Though one could have predicted Crisp's injury because it had already happened, no one could have predicted the Gentry, Lowrie, Jaso and Doolittle injuries. Yet in a way you could because unpredictable injuries, and ill-timed series of injuries, happen all the time -- it's precisely why the A's built their 2014 team around depth in the first place, before dismantling some of that depth for the stretch drive.
Maybe it was bad luck that key position players, and not a key starting pitcher, went down after the A's deepened their rotation at the expense of their lineup. It's hard to say because obviously you want and need depth in both places. Perhaps the Cespedes trade was a double-whammy: A loss of lineup depth unable to withstand other losses, coupled with tightening the noose on players saying, "It really is all on 2014, guys. This team has to win." And that's just not when the A's relax, laugh, scrape, claw, and win.
It's just a bad strategy. Financial advisors know this: You diversify your funds so that if one investment crashes another one might be thriving or at least holding steady. Mentally it means increasing pressure. Actually, it means increasing risk.
You know the expression "Don't put all your eggs in one basket"? Hit a speed bump, topple the basket, and now you have a whole lot of broken eggs. When the A's went "all in" the first time, they significantly weakened their 2016-17 core. When they went "all in" the second time, they weakened their 2015 core. All in the name of "going for it" in 2014. But when you do that, you can't know if later in 2014 all your catchers, your SS, and both CFers, will battle injuries that derail you no matter what you do.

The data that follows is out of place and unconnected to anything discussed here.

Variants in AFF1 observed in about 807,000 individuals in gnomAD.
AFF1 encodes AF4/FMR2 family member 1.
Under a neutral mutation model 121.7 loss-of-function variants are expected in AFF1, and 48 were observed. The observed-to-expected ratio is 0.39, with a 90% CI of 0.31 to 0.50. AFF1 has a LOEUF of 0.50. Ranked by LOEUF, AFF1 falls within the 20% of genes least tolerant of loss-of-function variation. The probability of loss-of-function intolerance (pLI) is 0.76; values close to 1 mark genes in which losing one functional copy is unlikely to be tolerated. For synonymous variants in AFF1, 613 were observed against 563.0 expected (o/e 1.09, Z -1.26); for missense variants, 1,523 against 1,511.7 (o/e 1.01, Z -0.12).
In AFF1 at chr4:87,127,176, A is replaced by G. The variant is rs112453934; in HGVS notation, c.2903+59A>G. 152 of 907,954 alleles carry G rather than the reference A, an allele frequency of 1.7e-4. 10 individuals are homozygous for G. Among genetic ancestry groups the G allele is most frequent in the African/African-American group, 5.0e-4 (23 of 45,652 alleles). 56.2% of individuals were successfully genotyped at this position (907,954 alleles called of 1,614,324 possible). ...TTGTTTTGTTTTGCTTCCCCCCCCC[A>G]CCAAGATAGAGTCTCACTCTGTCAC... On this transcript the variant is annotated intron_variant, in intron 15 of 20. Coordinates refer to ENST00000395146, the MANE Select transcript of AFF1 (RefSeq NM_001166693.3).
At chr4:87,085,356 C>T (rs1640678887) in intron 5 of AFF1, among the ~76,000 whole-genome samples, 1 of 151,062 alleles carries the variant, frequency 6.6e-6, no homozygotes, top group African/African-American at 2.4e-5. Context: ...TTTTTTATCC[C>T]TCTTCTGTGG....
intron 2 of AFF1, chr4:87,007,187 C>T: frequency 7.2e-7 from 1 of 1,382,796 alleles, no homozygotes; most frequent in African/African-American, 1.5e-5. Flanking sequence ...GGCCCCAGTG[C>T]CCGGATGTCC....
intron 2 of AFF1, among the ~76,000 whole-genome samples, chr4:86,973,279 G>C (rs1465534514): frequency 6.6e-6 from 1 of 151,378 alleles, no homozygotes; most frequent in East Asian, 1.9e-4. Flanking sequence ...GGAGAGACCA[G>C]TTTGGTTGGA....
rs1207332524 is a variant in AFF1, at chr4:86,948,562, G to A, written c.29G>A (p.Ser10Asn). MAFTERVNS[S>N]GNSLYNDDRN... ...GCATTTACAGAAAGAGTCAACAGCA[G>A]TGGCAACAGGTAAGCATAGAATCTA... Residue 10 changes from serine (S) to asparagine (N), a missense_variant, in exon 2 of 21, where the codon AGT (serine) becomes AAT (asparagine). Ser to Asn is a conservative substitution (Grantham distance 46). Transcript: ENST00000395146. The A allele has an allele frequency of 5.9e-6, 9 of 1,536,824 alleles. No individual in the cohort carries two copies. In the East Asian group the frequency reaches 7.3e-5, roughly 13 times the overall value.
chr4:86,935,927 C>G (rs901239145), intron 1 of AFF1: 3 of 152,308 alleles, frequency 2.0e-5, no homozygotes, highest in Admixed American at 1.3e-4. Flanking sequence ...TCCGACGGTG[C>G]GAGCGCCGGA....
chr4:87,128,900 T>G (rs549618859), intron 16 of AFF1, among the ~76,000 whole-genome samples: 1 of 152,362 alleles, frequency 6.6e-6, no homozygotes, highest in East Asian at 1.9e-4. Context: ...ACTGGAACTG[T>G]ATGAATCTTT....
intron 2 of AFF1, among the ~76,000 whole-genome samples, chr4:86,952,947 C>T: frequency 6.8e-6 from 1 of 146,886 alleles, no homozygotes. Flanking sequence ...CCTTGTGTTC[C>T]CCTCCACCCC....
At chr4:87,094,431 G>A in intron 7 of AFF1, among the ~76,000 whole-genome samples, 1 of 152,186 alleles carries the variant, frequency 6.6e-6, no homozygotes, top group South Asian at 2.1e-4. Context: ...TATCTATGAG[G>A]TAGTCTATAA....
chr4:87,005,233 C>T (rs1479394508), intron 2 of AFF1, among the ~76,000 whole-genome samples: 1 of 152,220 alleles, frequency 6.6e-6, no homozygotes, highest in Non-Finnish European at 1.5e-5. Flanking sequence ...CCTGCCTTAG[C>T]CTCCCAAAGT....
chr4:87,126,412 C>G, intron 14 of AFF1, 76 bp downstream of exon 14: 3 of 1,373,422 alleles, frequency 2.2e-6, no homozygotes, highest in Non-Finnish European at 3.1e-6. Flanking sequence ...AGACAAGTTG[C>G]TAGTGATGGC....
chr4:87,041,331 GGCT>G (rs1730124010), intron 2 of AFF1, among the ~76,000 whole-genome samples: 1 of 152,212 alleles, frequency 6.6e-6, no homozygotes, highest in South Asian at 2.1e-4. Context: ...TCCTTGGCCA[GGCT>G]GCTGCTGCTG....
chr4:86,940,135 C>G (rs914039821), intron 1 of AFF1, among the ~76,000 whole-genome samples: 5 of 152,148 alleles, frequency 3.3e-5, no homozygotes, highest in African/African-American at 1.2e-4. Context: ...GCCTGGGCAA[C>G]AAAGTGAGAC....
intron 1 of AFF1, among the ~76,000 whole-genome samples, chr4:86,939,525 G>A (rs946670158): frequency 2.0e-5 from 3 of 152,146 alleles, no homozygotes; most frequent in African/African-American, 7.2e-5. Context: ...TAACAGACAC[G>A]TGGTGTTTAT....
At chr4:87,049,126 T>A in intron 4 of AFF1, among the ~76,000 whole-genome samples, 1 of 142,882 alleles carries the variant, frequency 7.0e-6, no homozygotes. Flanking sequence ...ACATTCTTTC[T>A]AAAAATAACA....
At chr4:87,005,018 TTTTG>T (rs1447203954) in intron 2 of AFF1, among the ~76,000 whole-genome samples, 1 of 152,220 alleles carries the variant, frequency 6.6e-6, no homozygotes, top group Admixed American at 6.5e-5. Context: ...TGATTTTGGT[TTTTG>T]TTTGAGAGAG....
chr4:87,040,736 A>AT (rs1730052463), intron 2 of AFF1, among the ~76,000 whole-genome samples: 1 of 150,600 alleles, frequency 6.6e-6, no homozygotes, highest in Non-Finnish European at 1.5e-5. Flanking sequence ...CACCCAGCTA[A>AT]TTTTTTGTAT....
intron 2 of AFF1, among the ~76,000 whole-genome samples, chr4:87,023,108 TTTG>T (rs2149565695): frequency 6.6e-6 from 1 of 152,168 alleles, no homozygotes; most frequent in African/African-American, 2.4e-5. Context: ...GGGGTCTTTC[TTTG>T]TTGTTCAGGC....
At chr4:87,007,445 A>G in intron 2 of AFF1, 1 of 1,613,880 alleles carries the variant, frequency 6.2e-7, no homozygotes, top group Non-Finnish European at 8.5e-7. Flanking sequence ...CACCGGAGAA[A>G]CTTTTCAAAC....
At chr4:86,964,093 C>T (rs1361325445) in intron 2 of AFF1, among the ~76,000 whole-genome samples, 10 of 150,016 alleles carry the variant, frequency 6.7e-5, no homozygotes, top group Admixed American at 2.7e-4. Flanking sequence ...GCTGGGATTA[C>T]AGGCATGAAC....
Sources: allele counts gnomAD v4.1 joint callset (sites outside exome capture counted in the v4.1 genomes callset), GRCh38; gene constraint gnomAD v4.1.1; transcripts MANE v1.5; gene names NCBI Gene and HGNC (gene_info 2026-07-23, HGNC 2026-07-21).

I liked Beane's earlier strategy of trying to build very good teams year after year, where at the trade deadline each season you could add a little or punt a little as the situation warranted. The emphasis was always on being good now and also replenishing the future talent pool to be good later. Good teams can get to the World Series, especially if you give them enough chances. Great teams get bounced all the time, in short series or when injuries just mount up too high to overcome. Diversify your opportunities and you mitigate unnecessary risk.
I think what has happened recently is the confluence of two factors, one tangible and one intangible. You are watching a team that is paying for the lack of depth on the field and you are watching a group of guys for whom success is now a solemn task instead of a wacky given.
The good news? Things change fast in this game and September is still ahead. I won't be shocked if the A's pull it together, surge at just the right time, embrace their new-found underdog status, gel, win the division and ride the "Big 4" to the World Series. I won't be shocked if the A's finish 6 games out and wind up in a dog-fight just for the wild card. I truly have no idea what to expect going forward. I just have a sense of how and why we got here.